February 14, 2019

Dear Friends and Colleagues:

If you haven’t yet read the latest claptrap from the American Psychological Association bemoaning ‘toxic masculinity’ or seen their guidelines on how clinicians are being instructed to deal with it, don’t waste your time, unless you are into self-punishment.

Some boys and young men are lagging behind today – fewer young men than young women attend college, more young men than women are into drug use, and they likely won’t live as long as their female counterparts — etc.  But the symptoms and ‘corrective measures’ that the APA describe are truly off-base.  Feminizing boys and men as inferred by the APA is not the correct prescription.

Boys growing up in the 1940s and coming of age in the 1950s didn’t exhibit the characteristics of boys described by the APA today.  But then, in the 40s and 50s, parents actually practiced parenting.  They set rules and established boundaries.  And ‘correcting’ sometimes included a slap from Mom – and if our ‘act’ was deserving of something stronger, Dad would be called upon to use the belt when he got home from work.  Nobody’s psyche was ‘damaged’ by this kind of ‘parental guidance’; rather, it reinforced in our minds that we mustn’t do things like that again.

The same was true in school.  Disruptive behavior was not tolerated, and ‘talking back’ or sassing the teacher was taboo.  We were made to understand that we went there to learn – and our parents made clear that if we were to misbehave or embarrass the family, we’d be punished at home, too.  Before a child left home for school the first time, he or she was coached on how to act and had a pretty good understanding of what behaviors would not be tolerated.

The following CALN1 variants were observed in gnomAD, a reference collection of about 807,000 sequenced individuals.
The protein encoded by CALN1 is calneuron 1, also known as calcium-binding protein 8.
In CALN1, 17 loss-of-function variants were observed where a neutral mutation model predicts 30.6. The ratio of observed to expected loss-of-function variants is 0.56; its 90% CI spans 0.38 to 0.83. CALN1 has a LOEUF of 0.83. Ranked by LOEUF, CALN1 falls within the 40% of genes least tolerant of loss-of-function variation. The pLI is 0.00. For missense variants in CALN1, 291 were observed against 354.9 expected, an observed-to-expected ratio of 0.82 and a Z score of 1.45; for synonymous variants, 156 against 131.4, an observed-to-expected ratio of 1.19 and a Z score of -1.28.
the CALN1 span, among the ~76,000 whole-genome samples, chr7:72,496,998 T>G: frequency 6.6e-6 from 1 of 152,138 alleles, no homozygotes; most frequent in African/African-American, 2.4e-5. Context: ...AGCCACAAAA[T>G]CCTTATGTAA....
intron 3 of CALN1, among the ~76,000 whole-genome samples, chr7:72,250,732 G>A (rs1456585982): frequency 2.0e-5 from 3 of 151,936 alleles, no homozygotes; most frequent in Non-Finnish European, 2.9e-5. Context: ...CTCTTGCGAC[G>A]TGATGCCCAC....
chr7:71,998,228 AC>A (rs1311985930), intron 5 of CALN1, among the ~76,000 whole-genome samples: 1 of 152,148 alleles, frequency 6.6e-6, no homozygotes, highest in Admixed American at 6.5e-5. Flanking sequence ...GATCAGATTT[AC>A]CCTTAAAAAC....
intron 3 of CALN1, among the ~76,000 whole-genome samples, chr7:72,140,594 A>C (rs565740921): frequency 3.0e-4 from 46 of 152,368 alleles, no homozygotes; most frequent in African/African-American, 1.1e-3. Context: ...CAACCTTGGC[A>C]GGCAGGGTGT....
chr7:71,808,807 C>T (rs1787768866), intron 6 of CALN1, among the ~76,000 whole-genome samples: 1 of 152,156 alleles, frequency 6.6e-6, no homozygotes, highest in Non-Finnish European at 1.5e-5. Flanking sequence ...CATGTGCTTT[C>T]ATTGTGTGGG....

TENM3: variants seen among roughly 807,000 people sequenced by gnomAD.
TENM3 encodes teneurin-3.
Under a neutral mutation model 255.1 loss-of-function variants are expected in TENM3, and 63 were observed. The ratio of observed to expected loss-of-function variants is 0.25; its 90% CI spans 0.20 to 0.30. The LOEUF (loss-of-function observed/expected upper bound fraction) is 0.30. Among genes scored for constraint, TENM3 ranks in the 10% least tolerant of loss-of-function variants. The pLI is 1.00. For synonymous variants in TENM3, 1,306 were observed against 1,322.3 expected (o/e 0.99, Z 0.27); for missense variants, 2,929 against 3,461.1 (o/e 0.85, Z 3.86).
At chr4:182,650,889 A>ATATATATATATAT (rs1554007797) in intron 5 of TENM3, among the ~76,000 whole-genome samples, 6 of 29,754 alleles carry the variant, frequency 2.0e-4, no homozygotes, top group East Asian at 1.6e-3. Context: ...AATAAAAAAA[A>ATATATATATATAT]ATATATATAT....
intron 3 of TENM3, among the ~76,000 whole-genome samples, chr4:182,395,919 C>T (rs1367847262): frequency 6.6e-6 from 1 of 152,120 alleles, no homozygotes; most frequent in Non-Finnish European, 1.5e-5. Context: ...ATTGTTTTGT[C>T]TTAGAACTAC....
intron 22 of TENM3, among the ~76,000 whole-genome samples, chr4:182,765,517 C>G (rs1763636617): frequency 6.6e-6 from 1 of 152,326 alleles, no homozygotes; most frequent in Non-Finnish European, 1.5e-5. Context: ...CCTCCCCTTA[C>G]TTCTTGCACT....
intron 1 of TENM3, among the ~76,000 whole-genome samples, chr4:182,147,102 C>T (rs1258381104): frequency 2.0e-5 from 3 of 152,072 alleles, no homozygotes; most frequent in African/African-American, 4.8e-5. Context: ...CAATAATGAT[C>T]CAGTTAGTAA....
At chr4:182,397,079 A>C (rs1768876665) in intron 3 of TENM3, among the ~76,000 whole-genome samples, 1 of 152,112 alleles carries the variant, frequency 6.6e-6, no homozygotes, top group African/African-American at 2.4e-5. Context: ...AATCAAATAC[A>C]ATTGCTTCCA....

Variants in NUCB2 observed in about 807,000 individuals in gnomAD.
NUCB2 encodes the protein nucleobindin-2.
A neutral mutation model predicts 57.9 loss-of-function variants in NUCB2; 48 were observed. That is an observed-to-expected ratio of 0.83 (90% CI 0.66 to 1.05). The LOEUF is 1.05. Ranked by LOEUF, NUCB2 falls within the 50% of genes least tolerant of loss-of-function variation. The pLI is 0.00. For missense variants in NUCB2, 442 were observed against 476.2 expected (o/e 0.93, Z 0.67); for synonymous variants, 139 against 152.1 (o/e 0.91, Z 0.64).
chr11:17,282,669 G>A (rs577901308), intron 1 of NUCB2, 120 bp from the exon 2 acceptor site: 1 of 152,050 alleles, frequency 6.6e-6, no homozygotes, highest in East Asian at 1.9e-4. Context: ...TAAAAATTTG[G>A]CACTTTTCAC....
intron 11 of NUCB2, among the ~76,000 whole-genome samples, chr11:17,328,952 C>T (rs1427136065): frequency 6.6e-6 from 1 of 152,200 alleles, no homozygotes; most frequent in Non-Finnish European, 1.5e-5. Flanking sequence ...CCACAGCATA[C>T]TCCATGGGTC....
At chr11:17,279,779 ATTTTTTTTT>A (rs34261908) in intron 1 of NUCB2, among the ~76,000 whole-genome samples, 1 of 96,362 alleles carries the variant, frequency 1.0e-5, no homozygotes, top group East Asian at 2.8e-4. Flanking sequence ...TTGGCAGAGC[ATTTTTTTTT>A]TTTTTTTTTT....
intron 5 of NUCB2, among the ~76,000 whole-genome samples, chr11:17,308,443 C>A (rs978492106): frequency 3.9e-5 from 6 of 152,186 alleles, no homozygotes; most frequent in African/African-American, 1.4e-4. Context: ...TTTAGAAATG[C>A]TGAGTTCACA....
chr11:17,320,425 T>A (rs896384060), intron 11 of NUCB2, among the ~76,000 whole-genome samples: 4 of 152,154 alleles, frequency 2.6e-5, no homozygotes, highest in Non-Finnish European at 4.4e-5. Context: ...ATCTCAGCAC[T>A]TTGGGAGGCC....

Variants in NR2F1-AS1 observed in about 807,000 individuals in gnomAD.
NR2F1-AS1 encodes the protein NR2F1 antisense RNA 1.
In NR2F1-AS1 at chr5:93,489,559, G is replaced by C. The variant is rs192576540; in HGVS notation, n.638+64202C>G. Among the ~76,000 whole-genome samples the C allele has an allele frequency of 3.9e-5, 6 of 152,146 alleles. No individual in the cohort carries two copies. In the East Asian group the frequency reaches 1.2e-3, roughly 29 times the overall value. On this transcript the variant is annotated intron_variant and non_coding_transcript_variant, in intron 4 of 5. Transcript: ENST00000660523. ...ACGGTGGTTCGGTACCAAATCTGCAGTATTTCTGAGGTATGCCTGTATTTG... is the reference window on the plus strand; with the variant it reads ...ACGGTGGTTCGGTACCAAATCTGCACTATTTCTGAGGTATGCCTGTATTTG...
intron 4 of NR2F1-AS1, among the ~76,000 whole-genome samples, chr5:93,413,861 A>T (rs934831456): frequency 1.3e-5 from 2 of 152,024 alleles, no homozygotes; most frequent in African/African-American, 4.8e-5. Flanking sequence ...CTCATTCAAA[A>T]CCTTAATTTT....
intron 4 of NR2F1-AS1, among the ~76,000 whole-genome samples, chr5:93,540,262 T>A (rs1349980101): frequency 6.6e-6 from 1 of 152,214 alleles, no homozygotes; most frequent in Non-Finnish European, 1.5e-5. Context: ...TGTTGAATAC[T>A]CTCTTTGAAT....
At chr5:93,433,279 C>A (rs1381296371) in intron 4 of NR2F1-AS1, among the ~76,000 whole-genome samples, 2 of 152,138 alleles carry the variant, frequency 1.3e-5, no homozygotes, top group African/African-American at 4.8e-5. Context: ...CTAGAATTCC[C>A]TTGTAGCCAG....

Few of us got the slap or the belt very often.  Remedial ‘lessons’ weren’t needed, and love and affection was soon restored all around.  Don’t misunderstand; we don’t need cheerleaders for corporal punishment.  The point is that grownups need to parent.  They should be proactive and provide guidance rather than wait until their kids do something wrong.  Parental guidance starts when the kids are born and never ends until they leave the nest.  But guidance also means being a good role model and taking pains to set the proper example: no cursing or arguing in front of the kids.  Smoking or over-indulging are also bad exemplars.  And guidance also means smiles, and hugs, and love, and warmth.

Of course, a big problem for families today is that often both parents work, and the child-rearing – especially in those vital early years where parental love and guidance are so necessary – is done by someone other than Mom or Dad.  It is left to a preschool, or a nanny, or somebody else.

We in the 1950s were blessed to have regular meals — real meals — at the dinner table, every day.  That provided an opportunity for mom and dad to ask questions about our days and to listen to our answers.  Those interchanges meant that there were fewer surprises, unlike today, where the parents are ‘shocked’ — ‘shocked!’ to learn that one of theirs is on drugs, or worse.  Nightly dinners at the table also reinforced familial love and caring and support.

Going to church and Sunday school was also helpful.  Kids followed their parents’ example and looked forward to getting all cleaned up and putting on their ‘Sunday best.’  And, on the drive back home, the parents could ask their kids about their Bible lesson that week.  And all of these things reinforced family, love, and nurturing.  None of this was maudlin or trite.  It was real, widespread, and it worked!

We had very few ‘class disrupters’ during those years.  Such would not be tolerated either by the school officials or parents.  And ‘toxic masculinity’ hadn’t yet been ‘discovered.’  Boys need both dads and moms who are engaged in their upbringing.

Bottom line:  Parenting is too important to be left to school teachers or strangers.  It is a vitally important, full-time obligation.  Its rewards are pride and joy.  Those not up to it need not apply.

Old Timer, Frank

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